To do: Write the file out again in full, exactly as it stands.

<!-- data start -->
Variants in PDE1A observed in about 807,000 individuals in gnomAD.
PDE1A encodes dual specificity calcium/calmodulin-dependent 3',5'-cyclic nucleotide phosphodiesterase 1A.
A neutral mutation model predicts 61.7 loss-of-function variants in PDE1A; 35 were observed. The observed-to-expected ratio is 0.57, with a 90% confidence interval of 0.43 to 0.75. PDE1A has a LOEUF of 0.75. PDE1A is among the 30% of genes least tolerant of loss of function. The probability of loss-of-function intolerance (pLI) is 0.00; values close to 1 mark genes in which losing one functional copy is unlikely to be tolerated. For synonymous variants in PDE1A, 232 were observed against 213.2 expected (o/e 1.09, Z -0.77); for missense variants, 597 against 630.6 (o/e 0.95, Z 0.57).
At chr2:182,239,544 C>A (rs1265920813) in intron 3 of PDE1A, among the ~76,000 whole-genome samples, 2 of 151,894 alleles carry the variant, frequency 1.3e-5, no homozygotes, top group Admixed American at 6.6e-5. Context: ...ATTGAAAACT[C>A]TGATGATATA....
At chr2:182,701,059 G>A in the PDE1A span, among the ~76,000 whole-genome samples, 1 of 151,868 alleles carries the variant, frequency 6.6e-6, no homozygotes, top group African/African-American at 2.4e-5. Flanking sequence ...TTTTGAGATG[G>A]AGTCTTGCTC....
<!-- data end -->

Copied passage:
Variants in PDE1A observed in about 807,000 individuals in gnomAD.
PDE1A encodes dual specificity calcium/calmodulin-dependent 3',5'-cyclic nucleotide phosphodiesterase 1A.
A neutral mutation model predicts 61.7 loss-of-function variants in PDE1A; 35 were observed. The observed-to-expected ratio is 0.57, with a 90% confidence interval of 0.43 to 0.75. PDE1A has a LOEUF of 0.75. PDE1A is among the 30% of genes least tolerant of loss of function. The probability of loss-of-function intolerance (pLI) is 0.00; values close to 1 mark genes in which losing one functional copy is unlikely to be tolerated. For synonymous variants in PDE1A, 232 were observed against 213.2 expected (o/e 1.09, Z -0.77); for missense variants, 597 against 630.6 (o/e 0.95, Z 0.57).
At chr2:182,239,544 C>A (rs1265920813) in intron 3 of PDE1A, among the ~76,000 whole-genome samples, 2 of 151,894 alleles carry the variant, frequency 1.3e-5, no homozygotes, top group Admixed American at 6.6e-5. Context: ...ATTGAAAACT[C>A]TGATGATATA....
At chr2:182,701,059 G>A in the PDE1A span, among the ~76,000 whole-genome samples, 1 of 151,868 alleles carries the variant, frequency 6.6e-6, no homozygotes, top group African/African-American at 2.4e-5. Flanking sequence ...TTTTGAGATG[G>A]AGTCTTGCTC....